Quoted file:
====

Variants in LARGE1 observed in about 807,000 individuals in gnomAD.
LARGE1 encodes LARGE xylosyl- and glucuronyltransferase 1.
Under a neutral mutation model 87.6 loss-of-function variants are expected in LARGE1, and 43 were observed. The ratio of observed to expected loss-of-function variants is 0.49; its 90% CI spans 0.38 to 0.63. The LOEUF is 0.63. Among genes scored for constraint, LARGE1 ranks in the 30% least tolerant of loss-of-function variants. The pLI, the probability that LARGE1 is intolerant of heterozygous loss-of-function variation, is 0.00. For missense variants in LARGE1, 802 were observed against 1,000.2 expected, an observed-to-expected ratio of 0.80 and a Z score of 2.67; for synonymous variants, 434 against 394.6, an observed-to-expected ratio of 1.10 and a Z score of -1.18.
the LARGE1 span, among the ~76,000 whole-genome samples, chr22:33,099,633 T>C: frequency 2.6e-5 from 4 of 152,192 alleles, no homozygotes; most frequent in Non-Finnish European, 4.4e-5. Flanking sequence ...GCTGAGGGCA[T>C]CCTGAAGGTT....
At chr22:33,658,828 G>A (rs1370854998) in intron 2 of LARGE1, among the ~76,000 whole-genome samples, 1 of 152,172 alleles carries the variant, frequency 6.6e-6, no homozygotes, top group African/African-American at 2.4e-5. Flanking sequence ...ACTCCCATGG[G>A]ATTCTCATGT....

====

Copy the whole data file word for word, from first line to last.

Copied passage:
Variants in LARGE1 observed in about 807,000 individuals in gnomAD.
LARGE1 encodes LARGE xylosyl- and glucuronyltransferase 1.
Under a neutral mutation model 87.6 loss-of-function variants are expected in LARGE1, and 43 were observed. The ratio of observed to expected loss-of-function variants is 0.49; its 90% CI spans 0.38 to 0.63. The LOEUF is 0.63. Among genes scored for constraint, LARGE1 ranks in the 30% least tolerant of loss-of-function variants. The pLI, the probability that LARGE1 is intolerant of heterozygous loss-of-function variation, is 0.00. For missense variants in LARGE1, 802 were observed against 1,000.2 expected, an observed-to-expected ratio of 0.80 and a Z score of 2.67; for synonymous variants, 434 against 394.6, an observed-to-expected ratio of 1.10 and a Z score of -1.18.
the LARGE1 span, among the ~76,000 whole-genome samples, chr22:33,099,633 T>C: frequency 2.6e-5 from 4 of 152,192 alleles, no homozygotes; most frequent in Non-Finnish European, 4.4e-5. Flanking sequence ...GCTGAGGGCA[T>C]CCTGAAGGTT....
At chr22:33,658,828 G>A (rs1370854998) in intron 2 of LARGE1, among the ~76,000 whole-genome samples, 1 of 152,172 alleles carries the variant, frequency 6.6e-6, no homozygotes, top group African/African-American at 2.4e-5. Flanking sequence ...ACTCCCATGG[G>A]ATTCTCATGT....